Māori in the NZEF

Page 4 – On the Western Front

First on the Somme

The newly formed New Zealand Pioneer Battalion arrived in France in April 1916. In late August it became the first unit of the New Zealand Division to move onto the Somme battlefield. That bitter campaign had started on 1 July 1916 with horrendous losses among the British.

Sent ahead to prepare for the arrival of the rest of the New Zealanders, the Pioneers began work on a 8-km communications trench, 'Turk Lane', leading to the front line. Some members of the infantry described this trench as a masterpiece, but it came at a heavy price. Under constant and heavy artillery fire, the Pioneers toiled with pick and spade, completing their mission around midnight on 16 September. Along with its companion, 'Fish Alley', Turk Lane became part of a 2-m-deep artery that gave men moving to and from the front line a degree of cover.


As well as digging trenches, Pioneers were employed in a range of other, often unpleasant, roles. On 25 August 1916 members of the Pioneer Battalion were used as the firing squad in the execution of Private Frank Hughes of the Canterbury Battalion. Hughes was convicted for desertion and 'evading service'. He was the first of five New Zealanders to be executed during the First World War.


For the Messines offensive in 1917, the Pioneers were given the task of linking the newly captured Messines Ridge to the front line by digging communication trenches. Once more, they experienced heavy shelling and gassing. The battalion suffered 155 casualties, and 17 were killed.

In July the Pioneers and the 3rd New Zealand Rifle Brigade were attached to the First French Army to assist in digging positions and telephone cables. Three Pioneers, C.T. Richards, Toi Karini and Puia Tamihana, were decorated with the Croix de Guerre by the French. The Pioneers were also kept busy working with French farm labourers, the farm work reminding them of life at home.

Major-General Sir Andrew Russell, the divisional commander, gave the battalion the same recognition as other infantry battalions. He recommended Pioneers for two Distinguished Conduct Medals and 10 Military Medals. Godley awarded five.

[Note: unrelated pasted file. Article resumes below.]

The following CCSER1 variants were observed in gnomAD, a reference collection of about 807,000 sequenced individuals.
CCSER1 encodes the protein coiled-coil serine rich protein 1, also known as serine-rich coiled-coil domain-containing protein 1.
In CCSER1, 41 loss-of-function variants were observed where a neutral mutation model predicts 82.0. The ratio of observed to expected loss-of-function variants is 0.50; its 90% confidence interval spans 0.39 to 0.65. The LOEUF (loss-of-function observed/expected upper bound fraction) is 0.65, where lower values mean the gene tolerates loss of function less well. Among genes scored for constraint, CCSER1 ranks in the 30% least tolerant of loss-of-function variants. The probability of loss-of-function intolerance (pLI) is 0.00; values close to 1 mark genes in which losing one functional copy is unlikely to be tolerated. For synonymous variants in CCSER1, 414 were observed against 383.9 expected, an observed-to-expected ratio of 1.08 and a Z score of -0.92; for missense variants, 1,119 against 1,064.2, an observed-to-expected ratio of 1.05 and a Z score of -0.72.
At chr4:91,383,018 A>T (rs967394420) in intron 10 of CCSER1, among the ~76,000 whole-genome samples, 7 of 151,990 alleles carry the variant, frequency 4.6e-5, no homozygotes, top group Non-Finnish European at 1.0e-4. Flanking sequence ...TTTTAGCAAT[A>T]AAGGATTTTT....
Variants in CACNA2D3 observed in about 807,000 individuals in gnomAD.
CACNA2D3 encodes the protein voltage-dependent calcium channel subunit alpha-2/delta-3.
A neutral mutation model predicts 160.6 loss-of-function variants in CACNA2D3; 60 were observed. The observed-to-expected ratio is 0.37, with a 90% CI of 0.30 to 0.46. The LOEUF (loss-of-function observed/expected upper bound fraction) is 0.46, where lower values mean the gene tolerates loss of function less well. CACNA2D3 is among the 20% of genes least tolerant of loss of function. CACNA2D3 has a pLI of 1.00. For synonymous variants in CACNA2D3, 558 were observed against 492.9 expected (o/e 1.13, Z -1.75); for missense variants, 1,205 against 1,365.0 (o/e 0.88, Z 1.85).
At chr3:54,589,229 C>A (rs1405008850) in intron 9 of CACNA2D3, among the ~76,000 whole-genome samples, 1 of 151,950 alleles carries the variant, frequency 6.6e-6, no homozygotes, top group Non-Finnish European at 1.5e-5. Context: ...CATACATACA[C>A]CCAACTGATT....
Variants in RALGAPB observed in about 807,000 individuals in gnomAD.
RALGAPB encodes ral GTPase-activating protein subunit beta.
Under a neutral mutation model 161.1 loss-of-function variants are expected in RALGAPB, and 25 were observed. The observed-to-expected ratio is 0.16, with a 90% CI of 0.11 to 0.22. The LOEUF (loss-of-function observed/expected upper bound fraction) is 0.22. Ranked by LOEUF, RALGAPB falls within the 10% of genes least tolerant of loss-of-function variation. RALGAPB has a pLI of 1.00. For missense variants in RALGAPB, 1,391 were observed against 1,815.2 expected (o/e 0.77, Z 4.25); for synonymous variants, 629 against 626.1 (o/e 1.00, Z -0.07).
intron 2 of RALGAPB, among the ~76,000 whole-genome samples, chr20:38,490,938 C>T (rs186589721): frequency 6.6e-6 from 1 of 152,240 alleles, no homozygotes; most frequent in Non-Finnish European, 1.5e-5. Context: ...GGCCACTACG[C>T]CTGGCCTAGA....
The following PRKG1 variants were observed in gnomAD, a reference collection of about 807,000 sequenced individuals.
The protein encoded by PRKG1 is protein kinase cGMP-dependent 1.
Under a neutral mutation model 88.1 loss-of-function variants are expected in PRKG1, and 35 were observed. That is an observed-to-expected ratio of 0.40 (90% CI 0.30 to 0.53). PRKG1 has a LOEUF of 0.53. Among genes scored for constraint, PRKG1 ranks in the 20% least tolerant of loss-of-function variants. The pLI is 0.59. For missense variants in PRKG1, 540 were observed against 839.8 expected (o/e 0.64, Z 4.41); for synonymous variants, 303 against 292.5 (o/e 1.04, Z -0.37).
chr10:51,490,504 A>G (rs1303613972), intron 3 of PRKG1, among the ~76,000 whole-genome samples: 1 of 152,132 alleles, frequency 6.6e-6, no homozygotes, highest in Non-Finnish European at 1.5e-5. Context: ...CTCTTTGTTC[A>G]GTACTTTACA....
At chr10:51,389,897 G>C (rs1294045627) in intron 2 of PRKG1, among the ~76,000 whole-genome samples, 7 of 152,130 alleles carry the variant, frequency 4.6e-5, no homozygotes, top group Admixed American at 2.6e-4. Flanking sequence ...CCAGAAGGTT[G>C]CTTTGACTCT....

By August 1917 there were sufficient Māori reinforcements to fill all companies in the battalion. On 1 September the battalion became a fully Māori unit – the New Zealand Maori (Pioneer) Battalion – and the original badge was restored. Lieutenant-Colonel King was transferred to the 1st Battalion, Canterbury Regiment, but killed the following month in the disastrous attack on Bellevue Spur, Passchendaele.

Le Quesnoy and beyond

The liberation of the French town of Le Quesnoy, a week before the end of the war, was described as the 'New Zealanders' most successful day of the whole campaign on the Western Front'.

When the New Zealanders captured Le Quesnoy from the Germans on 4 November 1918, the Union Jack that flew from the town hall had been consecrated and presented to the New Zealand Maori (Pioneer) Battalion by the Māori schoolchildren of Ōtaki and Levin.

After the signing of the Armistice, the Pioneers were assigned to the Rhine Garrison and began marching towards the German border. They were stopped on 20 December by orders to proceed to Dunkirk, from where they would be shipped home. The British high command had decided that the old rules should apply; 'native troops' would not be used to garrison Germany. The Pioneers resented the attitude, but many were glad to be going home. The battalion sailed for New Zealand on the Westmoreland in March 1919.

The New Zealand Maori (Pioneer) Battalion was the only battalion of the New Zealand Expeditionary Force to return to New Zealand as a complete unit. As such, it received a rousing welcome with parades and receptions throughout the country. A Maori Pioneer rugby team toured the country, playing a series of provincial games.

How to cite this page

'On the Western Front', URL: https://nzhistory.govt.nz/war/maori-in-first-world-war/on-the-western-front, (Ministry for Culture and Heritage), updated 26-Mar-2019